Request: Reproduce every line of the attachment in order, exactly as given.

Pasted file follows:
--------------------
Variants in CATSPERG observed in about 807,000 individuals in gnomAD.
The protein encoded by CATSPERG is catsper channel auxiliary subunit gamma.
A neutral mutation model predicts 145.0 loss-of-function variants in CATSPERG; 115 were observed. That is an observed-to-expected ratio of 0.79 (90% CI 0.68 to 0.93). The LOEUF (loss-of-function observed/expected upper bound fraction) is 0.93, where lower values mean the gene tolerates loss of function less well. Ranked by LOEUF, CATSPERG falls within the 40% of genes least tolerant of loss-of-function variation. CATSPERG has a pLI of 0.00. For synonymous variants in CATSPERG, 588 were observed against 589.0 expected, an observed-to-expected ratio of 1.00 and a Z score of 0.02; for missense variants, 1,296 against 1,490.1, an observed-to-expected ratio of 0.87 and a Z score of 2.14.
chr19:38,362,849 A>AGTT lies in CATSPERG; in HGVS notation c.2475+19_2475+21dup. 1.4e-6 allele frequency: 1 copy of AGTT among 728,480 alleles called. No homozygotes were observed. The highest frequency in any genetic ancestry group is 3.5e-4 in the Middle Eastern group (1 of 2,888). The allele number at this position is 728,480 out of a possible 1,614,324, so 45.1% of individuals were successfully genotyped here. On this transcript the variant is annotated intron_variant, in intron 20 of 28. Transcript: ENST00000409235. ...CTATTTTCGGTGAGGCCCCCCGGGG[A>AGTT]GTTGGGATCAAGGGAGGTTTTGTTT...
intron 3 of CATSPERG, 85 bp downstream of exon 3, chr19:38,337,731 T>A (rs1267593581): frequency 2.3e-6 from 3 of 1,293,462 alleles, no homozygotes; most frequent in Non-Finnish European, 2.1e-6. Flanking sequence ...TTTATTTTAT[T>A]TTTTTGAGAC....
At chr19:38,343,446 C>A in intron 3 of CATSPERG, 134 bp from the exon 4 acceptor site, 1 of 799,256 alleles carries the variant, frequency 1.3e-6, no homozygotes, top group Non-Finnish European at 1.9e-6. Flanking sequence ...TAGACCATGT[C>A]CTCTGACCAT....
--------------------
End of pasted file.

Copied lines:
Variants in CATSPERG observed in about 807,000 individuals in gnomAD.
The protein encoded by CATSPERG is catsper channel auxiliary subunit gamma.
A neutral mutation model predicts 145.0 loss-of-function variants in CATSPERG; 115 were observed. That is an observed-to-expected ratio of 0.79 (90% CI 0.68 to 0.93). The LOEUF (loss-of-function observed/expected upper bound fraction) is 0.93, where lower values mean the gene tolerates loss of function less well. Ranked by LOEUF, CATSPERG falls within the 40% of genes least tolerant of loss-of-function variation. CATSPERG has a pLI of 0.00. For synonymous variants in CATSPERG, 588 were observed against 589.0 expected, an observed-to-expected ratio of 1.00 and a Z score of 0.02; for missense variants, 1,296 against 1,490.1, an observed-to-expected ratio of 0.87 and a Z score of 2.14.
chr19:38,362,849 A>AGTT lies in CATSPERG; in HGVS notation c.2475+19_2475+21dup. 1.4e-6 allele frequency: 1 copy of AGTT among 728,480 alleles called. No homozygotes were observed. The highest frequency in any genetic ancestry group is 3.5e-4 in the Middle Eastern group (1 of 2,888). The allele number at this position is 728,480 out of a possible 1,614,324, so 45.1% of individuals were successfully genotyped here. On this transcript the variant is annotated intron_variant, in intron 20 of 28. Transcript: ENST00000409235. ...CTATTTTCGGTGAGGCCCCCCGGGG[A>AGTT]GTTGGGATCAAGGGAGGTTTTGTTT...
intron 3 of CATSPERG, 85 bp downstream of exon 3, chr19:38,337,731 T>A (rs1267593581): frequency 2.3e-6 from 3 of 1,293,462 alleles, no homozygotes; most frequent in Non-Finnish European, 2.1e-6. Flanking sequence ...TTTATTTTAT[T>A]TTTTTGAGAC....
At chr19:38,343,446 C>A in intron 3 of CATSPERG, 134 bp from the exon 4 acceptor site, 1 of 799,256 alleles carries the variant, frequency 1.3e-6, no homozygotes, top group Non-Finnish European at 1.9e-6. Flanking sequence ...TAGACCATGT[C>A]CTCTGACCAT....